“Do you still believe in one another?”

Thousands of students across the U.S. gave a definitively positive answer when they marched the streets together in protest against gun violence on Apr. 24, four days after the 19th anniversary of the Columbine shooting. Yet the question itself is as pressing as ever. It was two seniors at Columbine that committed a massacre costing the lives of 12 of their classmates and a teacher. On Feb. 14 this year, not a stranger but a former student murdered 15 of his classmates and two adults at Marjory Stoneman Douglas High School. In short, the victims of gun violence at educational institutions are terrifyingly young, but so are the perpetrators. Indeed, the survivors of the Stoneman Douglas shooting claim that they are part of the “mass shooting generation.” But they are also part of a generation that has the momentum to persuade government officials to enact more strict gun control regulations. By coming together in protest, American youths are making a good use of this momentum. They are also sending a clear message. For every shooter out there, there are hundreds of non-violent protesters who care deeply not only for their personal safety but also for that of others. Those protesters value each other’s lives as much as they believe in one another’s power to eradicate gun violence. They are on the side of their generation that represents humanity of the kind Avicii evokes through his song.

“Do you still believe in love? I wonder”

The belief in love between people of different tribes, ethnicities and faiths wanes more every time the conflict between Palestine and Israel costs another life. On Friday, Apr. 20, during protests alongside the Gaza strip, four Palestinians were fatally shot by Israeli snipers. Israel’s and Egypt’s 11-year barricaide of the barren region produced many protests like the one from Friday. At first, the plan, which was called the Great Return March, was to have a six-week peaceful sit-in. According to Israel, the demonstrations quickly turned into a scene of deathly strife between Israel’s army and Palestine’s Hamas and other extremist factions. The deaths on Friday brought the total number of fatalities in the Great Return March protest to 37. Many in the international community have voiced their support for Palestine. The support movement was reinforced when Natalie Portman, an Oscar-winning actress of Jewish descent, declined an invitation to attend a ceremony in Israel meant to celebrate her achievements. Yet, expressions of solidarity like these haven’t convinced the Israeli government to change its policies towards Palestine. At this point, it seems like the international community is washing its hands off with public demonstrations of support for Palestine. That further reinforces disbelief in a love for humanity that would push not only individuals, but also societies, to take difficult yet much-needed action to stop the loss of human life.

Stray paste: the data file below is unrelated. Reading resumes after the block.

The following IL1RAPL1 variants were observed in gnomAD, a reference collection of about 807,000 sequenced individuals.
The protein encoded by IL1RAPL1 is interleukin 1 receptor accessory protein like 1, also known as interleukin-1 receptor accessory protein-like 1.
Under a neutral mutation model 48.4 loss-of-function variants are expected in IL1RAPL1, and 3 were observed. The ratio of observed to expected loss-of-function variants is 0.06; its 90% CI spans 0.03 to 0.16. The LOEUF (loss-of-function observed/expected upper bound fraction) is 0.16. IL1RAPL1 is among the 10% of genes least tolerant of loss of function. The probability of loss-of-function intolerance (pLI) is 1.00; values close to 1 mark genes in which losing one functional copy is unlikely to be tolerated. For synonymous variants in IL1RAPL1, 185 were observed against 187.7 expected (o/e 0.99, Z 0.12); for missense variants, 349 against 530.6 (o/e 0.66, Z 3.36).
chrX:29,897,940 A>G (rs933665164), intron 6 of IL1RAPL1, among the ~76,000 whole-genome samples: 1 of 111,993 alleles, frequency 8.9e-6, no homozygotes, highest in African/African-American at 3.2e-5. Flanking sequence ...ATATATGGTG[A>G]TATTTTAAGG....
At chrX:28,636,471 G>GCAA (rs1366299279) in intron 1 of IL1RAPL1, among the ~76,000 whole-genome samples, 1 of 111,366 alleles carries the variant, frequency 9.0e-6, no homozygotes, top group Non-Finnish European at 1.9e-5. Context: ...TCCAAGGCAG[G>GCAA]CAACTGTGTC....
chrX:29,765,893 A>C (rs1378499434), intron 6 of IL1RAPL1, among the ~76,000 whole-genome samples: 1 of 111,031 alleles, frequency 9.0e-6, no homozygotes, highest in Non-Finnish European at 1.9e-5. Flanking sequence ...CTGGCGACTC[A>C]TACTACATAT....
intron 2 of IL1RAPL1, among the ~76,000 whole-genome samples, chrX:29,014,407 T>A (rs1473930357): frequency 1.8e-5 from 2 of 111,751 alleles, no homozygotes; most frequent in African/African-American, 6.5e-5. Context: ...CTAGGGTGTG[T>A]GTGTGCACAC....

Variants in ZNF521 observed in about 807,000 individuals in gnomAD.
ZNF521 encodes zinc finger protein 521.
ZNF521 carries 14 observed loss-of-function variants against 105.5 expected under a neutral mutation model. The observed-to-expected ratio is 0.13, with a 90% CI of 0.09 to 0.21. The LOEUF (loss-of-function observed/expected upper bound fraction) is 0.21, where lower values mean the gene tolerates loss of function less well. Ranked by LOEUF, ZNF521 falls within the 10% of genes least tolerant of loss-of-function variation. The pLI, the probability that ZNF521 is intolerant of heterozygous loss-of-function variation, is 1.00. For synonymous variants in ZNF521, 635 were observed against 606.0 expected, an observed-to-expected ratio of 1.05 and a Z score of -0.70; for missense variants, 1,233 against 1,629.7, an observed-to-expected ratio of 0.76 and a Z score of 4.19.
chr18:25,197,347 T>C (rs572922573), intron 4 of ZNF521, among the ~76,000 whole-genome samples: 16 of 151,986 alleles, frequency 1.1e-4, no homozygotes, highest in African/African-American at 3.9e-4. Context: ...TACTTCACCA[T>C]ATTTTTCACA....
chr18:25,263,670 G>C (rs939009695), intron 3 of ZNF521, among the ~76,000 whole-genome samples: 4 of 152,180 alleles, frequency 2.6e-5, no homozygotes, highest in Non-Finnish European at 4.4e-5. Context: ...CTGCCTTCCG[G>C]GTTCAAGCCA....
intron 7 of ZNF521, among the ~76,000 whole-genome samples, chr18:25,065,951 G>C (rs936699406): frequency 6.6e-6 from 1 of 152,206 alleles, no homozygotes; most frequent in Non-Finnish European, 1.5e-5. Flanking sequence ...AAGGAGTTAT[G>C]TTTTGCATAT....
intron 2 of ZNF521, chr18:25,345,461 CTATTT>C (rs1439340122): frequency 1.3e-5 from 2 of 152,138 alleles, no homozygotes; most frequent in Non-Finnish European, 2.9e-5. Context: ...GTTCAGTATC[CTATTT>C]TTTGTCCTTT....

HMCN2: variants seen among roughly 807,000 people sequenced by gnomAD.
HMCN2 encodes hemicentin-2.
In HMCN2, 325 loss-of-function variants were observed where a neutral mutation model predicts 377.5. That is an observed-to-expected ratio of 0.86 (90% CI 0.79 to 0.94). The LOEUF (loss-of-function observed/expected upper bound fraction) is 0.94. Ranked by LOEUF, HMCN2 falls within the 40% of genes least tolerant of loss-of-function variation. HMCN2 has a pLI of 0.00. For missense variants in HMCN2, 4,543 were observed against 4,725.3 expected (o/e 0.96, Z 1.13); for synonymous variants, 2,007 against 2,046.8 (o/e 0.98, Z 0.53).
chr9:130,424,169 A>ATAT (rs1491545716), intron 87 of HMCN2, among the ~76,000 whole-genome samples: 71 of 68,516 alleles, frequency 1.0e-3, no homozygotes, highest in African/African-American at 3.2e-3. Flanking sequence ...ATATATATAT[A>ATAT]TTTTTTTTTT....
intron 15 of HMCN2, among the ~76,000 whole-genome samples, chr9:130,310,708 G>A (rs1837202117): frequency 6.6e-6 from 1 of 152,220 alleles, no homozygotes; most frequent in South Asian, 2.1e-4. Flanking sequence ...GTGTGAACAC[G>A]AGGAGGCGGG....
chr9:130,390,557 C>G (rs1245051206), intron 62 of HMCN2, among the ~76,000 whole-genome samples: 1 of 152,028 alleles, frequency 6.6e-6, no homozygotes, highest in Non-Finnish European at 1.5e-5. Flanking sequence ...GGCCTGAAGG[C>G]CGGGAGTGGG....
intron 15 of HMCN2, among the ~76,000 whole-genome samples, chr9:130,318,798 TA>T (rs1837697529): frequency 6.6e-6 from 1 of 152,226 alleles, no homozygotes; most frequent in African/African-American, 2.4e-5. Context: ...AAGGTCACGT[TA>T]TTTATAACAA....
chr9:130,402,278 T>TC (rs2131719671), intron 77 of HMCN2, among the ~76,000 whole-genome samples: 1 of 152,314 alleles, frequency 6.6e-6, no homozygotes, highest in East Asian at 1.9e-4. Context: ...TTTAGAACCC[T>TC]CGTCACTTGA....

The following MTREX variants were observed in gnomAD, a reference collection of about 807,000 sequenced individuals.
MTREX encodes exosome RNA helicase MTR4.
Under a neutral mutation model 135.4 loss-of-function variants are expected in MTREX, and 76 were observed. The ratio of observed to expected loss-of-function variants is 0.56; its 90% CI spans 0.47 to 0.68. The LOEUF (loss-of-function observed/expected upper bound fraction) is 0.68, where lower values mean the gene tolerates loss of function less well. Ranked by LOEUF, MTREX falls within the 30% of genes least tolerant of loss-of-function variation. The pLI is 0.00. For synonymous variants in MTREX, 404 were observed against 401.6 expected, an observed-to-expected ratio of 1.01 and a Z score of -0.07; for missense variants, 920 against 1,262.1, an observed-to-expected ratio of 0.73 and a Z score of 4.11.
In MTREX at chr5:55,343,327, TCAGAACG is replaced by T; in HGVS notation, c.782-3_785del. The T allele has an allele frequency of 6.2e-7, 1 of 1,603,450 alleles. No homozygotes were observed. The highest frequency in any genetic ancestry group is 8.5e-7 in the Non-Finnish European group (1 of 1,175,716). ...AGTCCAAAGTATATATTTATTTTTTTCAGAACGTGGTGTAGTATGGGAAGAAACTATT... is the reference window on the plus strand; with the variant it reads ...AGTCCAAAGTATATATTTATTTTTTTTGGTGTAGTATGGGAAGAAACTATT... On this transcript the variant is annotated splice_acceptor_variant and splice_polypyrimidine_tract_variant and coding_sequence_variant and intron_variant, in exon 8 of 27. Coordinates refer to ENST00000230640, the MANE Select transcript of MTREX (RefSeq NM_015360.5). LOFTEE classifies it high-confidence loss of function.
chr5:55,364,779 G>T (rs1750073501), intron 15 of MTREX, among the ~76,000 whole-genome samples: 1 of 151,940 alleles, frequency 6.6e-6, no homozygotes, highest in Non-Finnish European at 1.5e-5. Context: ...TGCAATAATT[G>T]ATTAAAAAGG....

“Oh brother, I will hear you call!”

Saturday afternoon on the day after Avicii died was sunny. I basked in the rare warmth of early New Hampshire spring. I heard music as I was flipping lazily through one of my textbooks. The distant sound of “Hey Brother” approached as a stranger on a longboard played it as a homage to the musician through his portable speaker. Then, surrounded by blossoming spring, I first recognized Avicii’s music as an urgent calling for amity amid a society that destroys itself one murder at a time, that seems to have lost track of the beauty that comes with preserving life. Yet, as in nature, all things go in cycles, and life and peace will return with the effort of people who embody the life-reaffirming music of performers such as Avicii.